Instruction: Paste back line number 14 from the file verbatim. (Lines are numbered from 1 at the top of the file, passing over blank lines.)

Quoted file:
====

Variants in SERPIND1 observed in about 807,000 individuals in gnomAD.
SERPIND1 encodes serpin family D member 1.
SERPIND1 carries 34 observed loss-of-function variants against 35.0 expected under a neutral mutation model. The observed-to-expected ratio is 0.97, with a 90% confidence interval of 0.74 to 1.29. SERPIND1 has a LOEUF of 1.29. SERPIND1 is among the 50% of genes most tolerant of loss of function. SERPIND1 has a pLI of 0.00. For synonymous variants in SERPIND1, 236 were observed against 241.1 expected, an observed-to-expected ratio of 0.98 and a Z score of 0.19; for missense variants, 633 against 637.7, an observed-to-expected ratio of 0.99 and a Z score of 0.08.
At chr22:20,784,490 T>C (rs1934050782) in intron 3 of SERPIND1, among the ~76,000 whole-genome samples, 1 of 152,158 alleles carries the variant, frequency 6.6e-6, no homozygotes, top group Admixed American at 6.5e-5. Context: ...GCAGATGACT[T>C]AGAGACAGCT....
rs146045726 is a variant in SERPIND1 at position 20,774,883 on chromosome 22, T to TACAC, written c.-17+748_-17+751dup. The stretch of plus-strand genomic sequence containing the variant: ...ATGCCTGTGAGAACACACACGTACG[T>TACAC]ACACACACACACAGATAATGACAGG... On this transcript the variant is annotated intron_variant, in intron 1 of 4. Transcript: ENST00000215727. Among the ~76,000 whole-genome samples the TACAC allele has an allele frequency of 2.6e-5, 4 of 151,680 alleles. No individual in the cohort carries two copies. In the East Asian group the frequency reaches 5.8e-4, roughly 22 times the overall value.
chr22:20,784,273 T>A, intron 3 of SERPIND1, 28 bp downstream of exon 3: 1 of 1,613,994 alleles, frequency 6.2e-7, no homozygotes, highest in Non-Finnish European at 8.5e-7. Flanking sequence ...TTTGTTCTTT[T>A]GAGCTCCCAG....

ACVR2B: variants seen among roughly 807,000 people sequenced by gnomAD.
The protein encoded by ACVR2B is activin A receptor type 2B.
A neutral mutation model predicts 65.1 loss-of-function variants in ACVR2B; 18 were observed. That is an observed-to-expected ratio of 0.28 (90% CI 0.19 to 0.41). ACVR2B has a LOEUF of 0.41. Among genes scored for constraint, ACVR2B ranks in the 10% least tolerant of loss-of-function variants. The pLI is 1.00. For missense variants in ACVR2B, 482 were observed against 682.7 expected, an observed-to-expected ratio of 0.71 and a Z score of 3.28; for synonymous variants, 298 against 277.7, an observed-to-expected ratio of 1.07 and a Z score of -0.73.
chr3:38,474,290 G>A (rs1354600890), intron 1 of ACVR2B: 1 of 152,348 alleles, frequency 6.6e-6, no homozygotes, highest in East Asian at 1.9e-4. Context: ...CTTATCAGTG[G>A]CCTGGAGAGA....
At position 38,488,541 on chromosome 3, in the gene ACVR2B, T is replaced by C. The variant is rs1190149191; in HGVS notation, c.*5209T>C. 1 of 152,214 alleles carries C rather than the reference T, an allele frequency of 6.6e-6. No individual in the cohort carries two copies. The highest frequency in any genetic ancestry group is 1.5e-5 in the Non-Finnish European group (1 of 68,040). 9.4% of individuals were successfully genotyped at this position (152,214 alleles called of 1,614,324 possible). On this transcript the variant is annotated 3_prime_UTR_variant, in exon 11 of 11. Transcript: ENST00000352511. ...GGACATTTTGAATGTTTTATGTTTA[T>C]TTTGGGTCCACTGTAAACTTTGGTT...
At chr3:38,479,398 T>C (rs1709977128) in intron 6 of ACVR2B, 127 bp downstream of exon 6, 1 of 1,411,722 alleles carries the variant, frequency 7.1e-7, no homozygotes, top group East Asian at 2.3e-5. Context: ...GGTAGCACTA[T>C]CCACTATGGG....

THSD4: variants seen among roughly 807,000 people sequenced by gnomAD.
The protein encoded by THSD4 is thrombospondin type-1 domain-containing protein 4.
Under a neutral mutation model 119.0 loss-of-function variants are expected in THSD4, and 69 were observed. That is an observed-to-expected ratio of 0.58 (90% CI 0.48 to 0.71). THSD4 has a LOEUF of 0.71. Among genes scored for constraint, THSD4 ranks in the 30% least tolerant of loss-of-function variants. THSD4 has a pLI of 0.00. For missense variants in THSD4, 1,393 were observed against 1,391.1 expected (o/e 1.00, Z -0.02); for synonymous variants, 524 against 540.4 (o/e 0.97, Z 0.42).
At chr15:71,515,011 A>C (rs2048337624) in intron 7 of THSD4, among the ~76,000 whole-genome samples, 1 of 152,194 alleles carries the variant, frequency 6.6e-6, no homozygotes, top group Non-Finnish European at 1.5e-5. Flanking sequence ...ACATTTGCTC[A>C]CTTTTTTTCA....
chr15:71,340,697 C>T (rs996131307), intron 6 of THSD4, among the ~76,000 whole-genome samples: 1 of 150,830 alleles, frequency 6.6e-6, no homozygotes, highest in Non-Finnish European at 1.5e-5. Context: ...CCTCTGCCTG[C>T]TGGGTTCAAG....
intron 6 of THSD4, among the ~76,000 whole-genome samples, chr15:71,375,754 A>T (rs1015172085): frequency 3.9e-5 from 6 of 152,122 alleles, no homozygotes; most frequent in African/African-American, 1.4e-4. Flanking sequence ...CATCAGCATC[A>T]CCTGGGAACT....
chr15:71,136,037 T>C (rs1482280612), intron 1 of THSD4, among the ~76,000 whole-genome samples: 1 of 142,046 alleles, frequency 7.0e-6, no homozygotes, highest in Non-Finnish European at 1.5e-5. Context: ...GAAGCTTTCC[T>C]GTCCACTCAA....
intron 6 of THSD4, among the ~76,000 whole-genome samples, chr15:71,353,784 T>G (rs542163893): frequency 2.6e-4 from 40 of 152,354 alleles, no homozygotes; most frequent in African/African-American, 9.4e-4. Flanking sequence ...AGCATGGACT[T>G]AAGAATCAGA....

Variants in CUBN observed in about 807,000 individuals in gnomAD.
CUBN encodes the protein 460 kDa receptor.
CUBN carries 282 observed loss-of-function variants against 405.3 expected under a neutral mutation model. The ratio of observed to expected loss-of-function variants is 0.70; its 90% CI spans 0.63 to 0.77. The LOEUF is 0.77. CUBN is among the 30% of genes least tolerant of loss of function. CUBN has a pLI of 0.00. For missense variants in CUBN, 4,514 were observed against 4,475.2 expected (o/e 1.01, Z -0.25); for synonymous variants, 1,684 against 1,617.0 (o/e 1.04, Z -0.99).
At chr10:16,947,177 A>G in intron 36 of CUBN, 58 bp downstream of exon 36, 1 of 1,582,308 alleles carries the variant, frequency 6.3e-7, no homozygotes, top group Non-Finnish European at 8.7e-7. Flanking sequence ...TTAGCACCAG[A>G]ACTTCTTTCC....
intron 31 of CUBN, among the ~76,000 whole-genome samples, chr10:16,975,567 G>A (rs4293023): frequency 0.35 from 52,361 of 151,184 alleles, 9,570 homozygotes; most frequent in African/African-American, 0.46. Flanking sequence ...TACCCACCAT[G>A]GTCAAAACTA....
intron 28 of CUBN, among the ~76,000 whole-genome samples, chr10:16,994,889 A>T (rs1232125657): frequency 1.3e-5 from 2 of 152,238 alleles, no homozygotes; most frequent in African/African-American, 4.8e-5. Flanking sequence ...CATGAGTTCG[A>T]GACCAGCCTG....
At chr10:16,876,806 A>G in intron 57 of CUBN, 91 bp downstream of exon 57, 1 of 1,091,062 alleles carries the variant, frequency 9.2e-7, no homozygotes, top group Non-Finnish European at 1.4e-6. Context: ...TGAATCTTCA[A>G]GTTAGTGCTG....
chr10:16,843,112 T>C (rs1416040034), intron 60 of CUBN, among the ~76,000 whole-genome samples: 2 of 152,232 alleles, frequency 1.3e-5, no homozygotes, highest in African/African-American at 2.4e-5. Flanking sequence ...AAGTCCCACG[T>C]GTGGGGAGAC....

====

The protein encoded by THSD4 is thrombospondin type-1 domain-containing protein 4.